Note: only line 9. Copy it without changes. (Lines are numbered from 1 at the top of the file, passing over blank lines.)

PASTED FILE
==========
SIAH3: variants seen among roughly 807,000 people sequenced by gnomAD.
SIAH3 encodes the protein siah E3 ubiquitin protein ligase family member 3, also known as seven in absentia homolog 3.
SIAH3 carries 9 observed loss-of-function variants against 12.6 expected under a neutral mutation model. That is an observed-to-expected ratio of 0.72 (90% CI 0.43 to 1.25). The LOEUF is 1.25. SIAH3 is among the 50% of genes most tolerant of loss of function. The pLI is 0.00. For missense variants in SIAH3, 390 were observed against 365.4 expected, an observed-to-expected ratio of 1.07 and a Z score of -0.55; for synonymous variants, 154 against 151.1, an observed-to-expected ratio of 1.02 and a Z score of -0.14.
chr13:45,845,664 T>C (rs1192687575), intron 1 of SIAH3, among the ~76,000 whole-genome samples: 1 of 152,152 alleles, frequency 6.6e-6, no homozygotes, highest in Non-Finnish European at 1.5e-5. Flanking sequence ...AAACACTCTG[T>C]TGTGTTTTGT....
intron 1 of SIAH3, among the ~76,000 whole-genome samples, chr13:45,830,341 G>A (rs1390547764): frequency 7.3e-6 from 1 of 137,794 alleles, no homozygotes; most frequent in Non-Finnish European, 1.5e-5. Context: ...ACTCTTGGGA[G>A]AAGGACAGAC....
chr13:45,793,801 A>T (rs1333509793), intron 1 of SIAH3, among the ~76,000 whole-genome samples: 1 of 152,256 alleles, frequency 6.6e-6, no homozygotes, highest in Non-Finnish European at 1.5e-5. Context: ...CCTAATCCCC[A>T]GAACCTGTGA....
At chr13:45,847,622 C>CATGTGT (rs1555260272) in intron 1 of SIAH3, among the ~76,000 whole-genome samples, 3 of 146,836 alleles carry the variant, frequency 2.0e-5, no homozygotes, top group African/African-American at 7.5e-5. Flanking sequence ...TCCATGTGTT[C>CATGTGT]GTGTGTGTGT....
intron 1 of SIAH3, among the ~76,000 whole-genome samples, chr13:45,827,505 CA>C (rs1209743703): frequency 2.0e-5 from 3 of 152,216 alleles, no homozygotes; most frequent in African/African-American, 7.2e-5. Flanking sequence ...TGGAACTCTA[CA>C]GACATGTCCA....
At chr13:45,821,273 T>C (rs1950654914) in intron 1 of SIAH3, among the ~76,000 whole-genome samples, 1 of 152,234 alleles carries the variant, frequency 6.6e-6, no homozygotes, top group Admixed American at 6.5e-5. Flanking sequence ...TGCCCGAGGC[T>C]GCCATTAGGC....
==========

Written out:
At chr13:45,821,273 T>C (rs1950654914) in intron 1 of SIAH3, among the ~76,000 whole-genome samples, 1 of 152,234 alleles carries the variant, frequency 6.6e-6, no homozygotes, top group Admixed American at 6.5e-5. Flanking sequence ...TGCCCGAGGC[T>C]GCCATTAGGC....